computer
monitor, such as an Apple 23" or Dell 24" display, the signal would
need to
undergo colorspace conversion from YUV to RGB and then pulldown
processing
would need to be performed on the video frame rate to adapt it to the
60 Hz
rate expected by the display. If the HDMI signal was anything other than
8-bit, it would also need to be adapted to 8-bit. I’m sure there are
probably expensive convertors which do this but it would make more sense
just to use a HDMI display which supports multiple frequencies.

DVI does not support audio. HDMI supports video and audio.

=== DVI output to HDMI input

"Does this mean that we can connect the Intensity card to the regular
DVI-D output of the graphics card of a second machine, which would be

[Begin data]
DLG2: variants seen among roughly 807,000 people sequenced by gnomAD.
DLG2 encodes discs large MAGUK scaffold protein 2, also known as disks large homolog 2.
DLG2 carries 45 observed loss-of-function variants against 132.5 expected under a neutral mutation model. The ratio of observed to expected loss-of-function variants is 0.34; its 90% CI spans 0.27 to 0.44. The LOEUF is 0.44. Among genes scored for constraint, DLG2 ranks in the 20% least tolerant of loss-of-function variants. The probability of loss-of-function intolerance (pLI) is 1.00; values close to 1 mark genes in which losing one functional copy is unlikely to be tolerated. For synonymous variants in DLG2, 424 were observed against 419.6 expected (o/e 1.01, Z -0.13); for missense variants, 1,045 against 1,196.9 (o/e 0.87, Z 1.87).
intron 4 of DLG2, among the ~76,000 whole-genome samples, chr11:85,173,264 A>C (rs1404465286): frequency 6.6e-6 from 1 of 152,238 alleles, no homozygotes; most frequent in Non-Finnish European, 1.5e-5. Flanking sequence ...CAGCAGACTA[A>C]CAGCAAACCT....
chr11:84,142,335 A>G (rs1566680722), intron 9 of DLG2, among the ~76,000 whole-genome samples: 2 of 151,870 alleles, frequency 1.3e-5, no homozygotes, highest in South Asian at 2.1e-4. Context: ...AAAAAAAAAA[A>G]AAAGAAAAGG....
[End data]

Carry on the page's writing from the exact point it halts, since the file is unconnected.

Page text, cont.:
sending out in a 1920 x 1080 resolution ? Have you tested this option
in your labs ?"

We thought of that but so far have been unable to find a graphics
card which
outputs at standard TV resolutions such as 1920 x 1080, 1280 x 720,
720 x
486 and 720 x 576. If we could find one, then I would expect we could
capture it with Intensity using a DVI to HDMI adapter on the graphics
card
output.

If you aware of such a graphics card, please let us know the brand
and model
as we’d love to get one and test it. I realize you can directly
connect a
big screen TV to the DVI output of computers but if you check the
resolution
being used, it will not be a TV resolution.

On 14-sep-2006, at 0:21, Joshua Kit Clayton wrote:

> Btw, for people looking to record DVI output from their computers,
> this sounds like a promising option (DVI->HDMI converter box-
> >Decklink Intensity), relatively low-cost as compared to many of
> the other RGB frame grabbing options out there.


September 14, 2006 | 3:42 pm

Hello,

Maybe using converter boxes ?

CP-261H / PC/HD with Audio to HDMI Format Converter

http://tinyurl.com/jcnyg